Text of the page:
Director’s Chair September 2023

Finding Good Friends Abroad

Working with our international racing counterparts enriches and strengthens our sport back home

by Joe Faraldo, USTA Chairman of the Board


Often, our perspectives can be rather centric, conditioned by our individual experiences and exposures. In the height of the domestic stakes season, it’s easy to think about harness racing as something happening solely within the borders of the United States and in the Canadian provinces.

While understandable, this somewhat myopic view fails to afford our industry the global breadth it should capitalize on. Recognizing this shortcoming is important; it’s refreshing, simply because it provides each of us with a point of comparison when pondering all of the varied problems and challenges North American harness racing confronts on a constant basis. Clearly, American Standardbred racing and breeding can only be strengthened if we look to learn from—and partner with—the many countries where the sport thrives and is revered.


In Europe, where amateur racing has always been held in high esteem, many years ago the North American Amateur Drivers Association (NAADA) managed to expand its reach to competitions overseas and, in doing so, fostered lasting relationships with our foreign counterparts that culminated in the amateur clubs’ exchanges we find spreading. Since then, the United States has sent drivers to and also hosted World Amateur Driving Championships, with the added benefit of further expanding our reach to Australia and New Zealand. It all helps to promote and foster our global relationships.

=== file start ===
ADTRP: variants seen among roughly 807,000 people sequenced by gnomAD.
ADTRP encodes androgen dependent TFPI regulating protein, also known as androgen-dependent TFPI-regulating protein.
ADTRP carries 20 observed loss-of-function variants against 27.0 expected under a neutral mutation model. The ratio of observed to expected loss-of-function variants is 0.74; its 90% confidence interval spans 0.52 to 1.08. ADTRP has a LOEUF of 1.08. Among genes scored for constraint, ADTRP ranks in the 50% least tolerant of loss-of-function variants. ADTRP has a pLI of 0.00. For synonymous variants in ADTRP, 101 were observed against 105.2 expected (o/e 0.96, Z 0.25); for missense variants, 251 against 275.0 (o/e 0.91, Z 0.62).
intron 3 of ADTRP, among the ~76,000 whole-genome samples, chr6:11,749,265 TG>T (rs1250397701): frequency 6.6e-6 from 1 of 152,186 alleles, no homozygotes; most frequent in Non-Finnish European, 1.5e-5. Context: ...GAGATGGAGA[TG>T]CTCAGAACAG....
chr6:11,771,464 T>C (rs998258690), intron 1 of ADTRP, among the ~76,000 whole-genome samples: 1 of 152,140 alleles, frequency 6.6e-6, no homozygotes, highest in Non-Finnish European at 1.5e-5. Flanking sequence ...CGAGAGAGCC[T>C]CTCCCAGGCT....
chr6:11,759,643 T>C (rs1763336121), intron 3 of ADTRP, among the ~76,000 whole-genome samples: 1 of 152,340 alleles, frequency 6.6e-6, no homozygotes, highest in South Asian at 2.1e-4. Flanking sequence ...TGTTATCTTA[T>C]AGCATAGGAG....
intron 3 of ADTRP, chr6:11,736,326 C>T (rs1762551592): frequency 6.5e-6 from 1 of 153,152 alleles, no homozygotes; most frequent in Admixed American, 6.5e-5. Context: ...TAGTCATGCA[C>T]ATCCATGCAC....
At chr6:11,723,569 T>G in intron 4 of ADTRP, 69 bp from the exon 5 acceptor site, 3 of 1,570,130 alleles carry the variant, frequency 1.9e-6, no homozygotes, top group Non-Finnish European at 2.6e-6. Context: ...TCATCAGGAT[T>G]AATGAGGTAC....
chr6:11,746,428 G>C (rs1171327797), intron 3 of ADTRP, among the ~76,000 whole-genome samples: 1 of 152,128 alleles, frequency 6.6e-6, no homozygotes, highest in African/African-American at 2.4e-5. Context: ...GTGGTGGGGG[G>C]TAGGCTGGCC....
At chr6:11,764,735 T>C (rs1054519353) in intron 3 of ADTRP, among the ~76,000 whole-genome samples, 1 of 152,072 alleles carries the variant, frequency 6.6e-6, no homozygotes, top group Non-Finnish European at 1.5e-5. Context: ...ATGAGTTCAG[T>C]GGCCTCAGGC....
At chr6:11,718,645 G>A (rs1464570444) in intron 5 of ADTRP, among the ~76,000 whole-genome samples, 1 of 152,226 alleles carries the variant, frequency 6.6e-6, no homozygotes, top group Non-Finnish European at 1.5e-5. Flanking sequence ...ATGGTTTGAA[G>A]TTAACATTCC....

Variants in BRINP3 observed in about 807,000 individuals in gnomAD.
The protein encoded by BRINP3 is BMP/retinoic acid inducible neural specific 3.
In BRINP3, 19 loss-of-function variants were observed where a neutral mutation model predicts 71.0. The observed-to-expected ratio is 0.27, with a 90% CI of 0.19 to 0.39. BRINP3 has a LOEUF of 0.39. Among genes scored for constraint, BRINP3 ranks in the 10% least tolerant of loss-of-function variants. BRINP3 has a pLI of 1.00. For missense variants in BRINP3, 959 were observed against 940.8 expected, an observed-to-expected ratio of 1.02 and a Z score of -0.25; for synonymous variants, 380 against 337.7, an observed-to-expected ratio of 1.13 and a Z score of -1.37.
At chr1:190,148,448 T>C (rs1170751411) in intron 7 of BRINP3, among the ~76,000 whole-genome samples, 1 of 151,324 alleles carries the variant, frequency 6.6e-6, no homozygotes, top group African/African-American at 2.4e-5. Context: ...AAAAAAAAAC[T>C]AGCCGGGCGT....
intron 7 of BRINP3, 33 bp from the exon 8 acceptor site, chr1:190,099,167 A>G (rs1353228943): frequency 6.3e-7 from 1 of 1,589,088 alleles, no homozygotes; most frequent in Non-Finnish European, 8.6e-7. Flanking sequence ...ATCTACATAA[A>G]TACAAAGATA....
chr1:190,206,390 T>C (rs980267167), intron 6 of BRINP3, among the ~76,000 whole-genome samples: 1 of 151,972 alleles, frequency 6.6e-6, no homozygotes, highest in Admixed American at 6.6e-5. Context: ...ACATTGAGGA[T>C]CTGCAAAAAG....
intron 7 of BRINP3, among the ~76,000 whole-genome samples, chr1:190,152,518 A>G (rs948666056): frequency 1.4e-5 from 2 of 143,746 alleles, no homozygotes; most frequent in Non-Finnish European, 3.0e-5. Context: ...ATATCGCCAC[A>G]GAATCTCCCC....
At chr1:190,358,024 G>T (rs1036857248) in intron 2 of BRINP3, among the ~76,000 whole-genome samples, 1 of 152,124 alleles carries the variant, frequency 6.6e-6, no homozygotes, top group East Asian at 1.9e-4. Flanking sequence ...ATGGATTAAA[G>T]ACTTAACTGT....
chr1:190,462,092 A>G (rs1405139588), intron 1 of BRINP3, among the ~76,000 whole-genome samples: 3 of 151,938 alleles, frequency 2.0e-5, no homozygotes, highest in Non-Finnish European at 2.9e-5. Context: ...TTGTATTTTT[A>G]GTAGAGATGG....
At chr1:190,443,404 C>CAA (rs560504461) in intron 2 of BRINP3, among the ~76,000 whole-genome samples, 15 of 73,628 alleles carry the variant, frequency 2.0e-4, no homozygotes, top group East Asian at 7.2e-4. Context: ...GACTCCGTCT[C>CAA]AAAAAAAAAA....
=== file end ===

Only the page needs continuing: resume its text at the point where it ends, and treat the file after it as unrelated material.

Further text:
Similarly, the USTA participates in the biannual professional World Driving Championships, as well as the World Trotting Conferences. These proceedings are held on multiple continents, providing valuable opportunities for the cultivation and establishment of vital global industry relationships. These associations go far beyond the important camaraderie among individual participants. Aside from critical educational networking, significant economic benefits to our domestic industry are often realized.

Consider how MGM Yonkers Raceway was able to capitalize on years of dealings with industry leaders in France to become the first United States venue to simulcast full cards to European markets through the Pari Mutuel Urbain’s (PMU) distribution network. Commensurately, because our pari-mutuel takeout was larger than provided for in France, it made sense for PMU’s wagering to be commingled into Yonkers’ pools, increasing handle.

In the sales realm alone, all our developed relationships have proven to be mutually beneficial in a number of ways. We have observed many foreign buyers, as well as an increasing number of foreign-bred yearlings, appearing at our sales, and we have seen a sharp increase in Americans buying very competitive Australasian-bred pacers.